Archive for January, 2014
German designer Johannes Schulz created this inspirational packaging for Spine Vodka. “It was a private project I started after my graduation of an international communication design school in Hamburg, Germany,” he explains. “Spine is a high quality product just like the design, reduced and simple with a consciously ‘twist’ in his message and a memorable name fitting to the project.”
Integrated the spine with the rib cage to communicate a product with a ‘backbone’, the unique 3D design approach sets it aside from its 2D counterparts. “The transparent glass material stands for a product that don’t has to hide something,” Schulz concludes.
Students are renowned for like a beer or two. So we weren’t surprised to learn that this cool new packaging design was a school project, designed by Sasha Kischenko at the British Higher School of Art and Design.
Tasked with creating a package design using type only, Kischenko opted to develop a concept for beer from Switzerland’s historical Helvetic republic – so the typeface was an obvious choice.
The sophisticated design centres around a large digit informing you of the alcohol percentage, with a small Swiss Cross logo in the top right. Can colours, silver and black, correspond to lager or stout respectively. A simple but beautiful concept, we could see this product in the hands of many a student if it were ever to become a reality!
Next time you go to a supermarket, pick a random shelf and browse through some products. Glance at each and ask yourself two very simple questions:
A great example of simple, clear yet highly distinctive packaging design.
You’ll be amazed how hard it is to find answers to some of these essential questions in less than four seconds, the maximum time an average consumer will dedicate to any particular product. Now imagine your brand sitting alongside your competitors’ logos. To cut though the clutter, a busy logo isn’t going to do your business any favors. Think about what makes you different — your special sauce — and lead with that. Remember, some of the world’s most successful logos are also the simplest. Here are some packaging design tips for food and consumer products.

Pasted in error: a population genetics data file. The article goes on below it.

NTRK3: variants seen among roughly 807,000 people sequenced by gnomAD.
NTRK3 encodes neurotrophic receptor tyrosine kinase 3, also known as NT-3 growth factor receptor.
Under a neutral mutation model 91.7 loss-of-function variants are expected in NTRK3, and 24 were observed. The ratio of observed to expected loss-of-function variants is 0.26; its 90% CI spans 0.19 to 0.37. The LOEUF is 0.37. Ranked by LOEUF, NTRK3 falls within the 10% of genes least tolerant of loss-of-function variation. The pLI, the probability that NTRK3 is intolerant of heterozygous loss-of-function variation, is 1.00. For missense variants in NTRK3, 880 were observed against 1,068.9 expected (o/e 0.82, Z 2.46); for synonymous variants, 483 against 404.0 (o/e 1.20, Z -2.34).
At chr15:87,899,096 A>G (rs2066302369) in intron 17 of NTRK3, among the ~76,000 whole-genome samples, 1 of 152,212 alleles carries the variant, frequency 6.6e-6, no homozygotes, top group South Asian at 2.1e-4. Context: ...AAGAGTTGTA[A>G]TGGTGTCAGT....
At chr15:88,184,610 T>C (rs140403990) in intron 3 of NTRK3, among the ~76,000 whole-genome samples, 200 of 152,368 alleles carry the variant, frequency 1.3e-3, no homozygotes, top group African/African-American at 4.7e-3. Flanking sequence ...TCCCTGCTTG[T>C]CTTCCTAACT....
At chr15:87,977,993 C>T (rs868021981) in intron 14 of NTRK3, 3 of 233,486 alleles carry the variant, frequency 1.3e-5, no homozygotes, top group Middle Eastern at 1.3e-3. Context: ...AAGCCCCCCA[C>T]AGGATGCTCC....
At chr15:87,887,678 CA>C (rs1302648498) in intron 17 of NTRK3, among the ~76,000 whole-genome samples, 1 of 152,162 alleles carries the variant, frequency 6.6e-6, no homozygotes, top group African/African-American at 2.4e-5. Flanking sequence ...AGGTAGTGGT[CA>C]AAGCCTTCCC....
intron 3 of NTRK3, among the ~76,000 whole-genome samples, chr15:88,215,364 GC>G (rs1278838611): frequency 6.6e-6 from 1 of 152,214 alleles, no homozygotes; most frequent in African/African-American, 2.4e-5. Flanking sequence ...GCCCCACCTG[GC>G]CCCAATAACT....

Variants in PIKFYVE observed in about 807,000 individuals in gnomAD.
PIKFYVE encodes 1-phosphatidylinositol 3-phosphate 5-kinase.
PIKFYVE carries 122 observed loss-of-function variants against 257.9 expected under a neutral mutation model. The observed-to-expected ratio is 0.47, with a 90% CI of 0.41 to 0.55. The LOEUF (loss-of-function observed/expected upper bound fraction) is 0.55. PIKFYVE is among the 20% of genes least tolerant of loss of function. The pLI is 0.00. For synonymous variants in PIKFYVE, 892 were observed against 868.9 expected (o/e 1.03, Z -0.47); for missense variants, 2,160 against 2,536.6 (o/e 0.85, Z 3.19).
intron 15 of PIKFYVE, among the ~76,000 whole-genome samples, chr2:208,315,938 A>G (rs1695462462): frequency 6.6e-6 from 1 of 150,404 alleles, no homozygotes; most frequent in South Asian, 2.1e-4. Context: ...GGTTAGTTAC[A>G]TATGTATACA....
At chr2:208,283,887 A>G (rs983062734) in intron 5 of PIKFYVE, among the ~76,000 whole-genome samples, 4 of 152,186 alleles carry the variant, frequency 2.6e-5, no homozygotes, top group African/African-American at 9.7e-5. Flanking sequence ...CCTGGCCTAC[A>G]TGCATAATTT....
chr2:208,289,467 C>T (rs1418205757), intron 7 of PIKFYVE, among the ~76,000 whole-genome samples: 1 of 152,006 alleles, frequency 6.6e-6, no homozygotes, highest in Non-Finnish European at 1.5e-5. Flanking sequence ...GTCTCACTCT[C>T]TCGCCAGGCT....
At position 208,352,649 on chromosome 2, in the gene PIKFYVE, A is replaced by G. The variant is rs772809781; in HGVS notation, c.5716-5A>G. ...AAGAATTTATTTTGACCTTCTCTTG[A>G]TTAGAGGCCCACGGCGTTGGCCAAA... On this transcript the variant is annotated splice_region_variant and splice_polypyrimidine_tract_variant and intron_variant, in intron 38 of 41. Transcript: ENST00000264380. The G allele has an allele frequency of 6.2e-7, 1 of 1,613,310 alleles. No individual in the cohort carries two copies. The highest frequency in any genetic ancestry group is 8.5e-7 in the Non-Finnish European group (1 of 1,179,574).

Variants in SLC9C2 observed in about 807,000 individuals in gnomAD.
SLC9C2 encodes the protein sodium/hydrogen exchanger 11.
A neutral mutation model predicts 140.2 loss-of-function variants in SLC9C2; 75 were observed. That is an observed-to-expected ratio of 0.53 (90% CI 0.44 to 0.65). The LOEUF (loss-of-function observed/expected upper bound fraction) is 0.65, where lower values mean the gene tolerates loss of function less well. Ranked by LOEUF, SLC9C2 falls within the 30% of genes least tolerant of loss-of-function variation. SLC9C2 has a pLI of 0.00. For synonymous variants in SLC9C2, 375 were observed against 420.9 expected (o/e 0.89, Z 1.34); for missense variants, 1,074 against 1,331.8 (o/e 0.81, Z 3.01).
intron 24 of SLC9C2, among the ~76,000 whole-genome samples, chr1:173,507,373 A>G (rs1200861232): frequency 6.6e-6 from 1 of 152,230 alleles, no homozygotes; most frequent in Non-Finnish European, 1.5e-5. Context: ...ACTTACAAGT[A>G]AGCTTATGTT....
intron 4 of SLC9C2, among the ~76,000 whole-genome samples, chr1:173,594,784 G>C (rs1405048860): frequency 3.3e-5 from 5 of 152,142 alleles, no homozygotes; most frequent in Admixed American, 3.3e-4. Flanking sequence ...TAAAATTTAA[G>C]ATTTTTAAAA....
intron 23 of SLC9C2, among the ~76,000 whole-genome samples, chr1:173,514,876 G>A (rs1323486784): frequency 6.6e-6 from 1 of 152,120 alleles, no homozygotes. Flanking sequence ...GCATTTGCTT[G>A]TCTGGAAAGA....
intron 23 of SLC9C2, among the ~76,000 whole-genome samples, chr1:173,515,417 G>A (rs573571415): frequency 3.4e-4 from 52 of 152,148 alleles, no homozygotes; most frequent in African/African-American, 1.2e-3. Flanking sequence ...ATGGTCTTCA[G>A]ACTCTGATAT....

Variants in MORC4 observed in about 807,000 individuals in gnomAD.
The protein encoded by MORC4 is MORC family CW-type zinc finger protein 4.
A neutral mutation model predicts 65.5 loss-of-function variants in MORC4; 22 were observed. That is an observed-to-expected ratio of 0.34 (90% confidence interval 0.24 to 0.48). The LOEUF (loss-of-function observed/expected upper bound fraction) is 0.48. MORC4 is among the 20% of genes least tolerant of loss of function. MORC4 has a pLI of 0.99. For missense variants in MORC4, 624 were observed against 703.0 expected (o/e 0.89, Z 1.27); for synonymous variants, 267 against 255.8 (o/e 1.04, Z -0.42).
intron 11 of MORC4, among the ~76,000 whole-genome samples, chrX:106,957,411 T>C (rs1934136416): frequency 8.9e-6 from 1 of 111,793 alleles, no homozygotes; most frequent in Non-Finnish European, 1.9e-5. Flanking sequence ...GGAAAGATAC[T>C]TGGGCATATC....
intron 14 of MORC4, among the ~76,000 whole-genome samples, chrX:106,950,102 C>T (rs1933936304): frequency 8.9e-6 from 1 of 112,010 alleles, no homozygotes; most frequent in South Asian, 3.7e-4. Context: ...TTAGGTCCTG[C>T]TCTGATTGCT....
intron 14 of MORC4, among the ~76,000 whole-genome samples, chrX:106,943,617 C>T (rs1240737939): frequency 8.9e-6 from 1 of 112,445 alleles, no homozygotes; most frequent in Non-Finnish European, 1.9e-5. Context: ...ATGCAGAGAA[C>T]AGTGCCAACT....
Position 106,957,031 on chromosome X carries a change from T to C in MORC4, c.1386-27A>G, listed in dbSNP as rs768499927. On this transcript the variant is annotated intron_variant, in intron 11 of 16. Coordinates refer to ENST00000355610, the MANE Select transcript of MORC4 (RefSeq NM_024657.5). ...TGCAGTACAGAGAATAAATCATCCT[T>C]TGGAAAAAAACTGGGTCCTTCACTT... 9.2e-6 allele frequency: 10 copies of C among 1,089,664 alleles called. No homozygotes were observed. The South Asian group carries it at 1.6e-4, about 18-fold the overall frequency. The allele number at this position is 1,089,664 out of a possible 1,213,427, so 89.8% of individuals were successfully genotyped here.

Have you ever bought a package of cookies and been disappointed that the mouth-watering goodie shown on the package turned out to be a tiny, dry wafer? By depicting a product ten times better than it actually is, you’re misleading and ultimately disappointing the consumer. Poor sales performance and bad brand image often follow.
This product might taste good, but the packaging is clearly misleading. More packaging v.s. real food comparisons on this site.
This is where honesty comes in. Consumers have nothing against simple, inexpensive products, as long as they know what they’re buying. As a business, you want to sell your service or product by representing the product in the best light possible, but keep in mind that stretching the truth can backfire. Be straightforward with your customers to keep them coming back.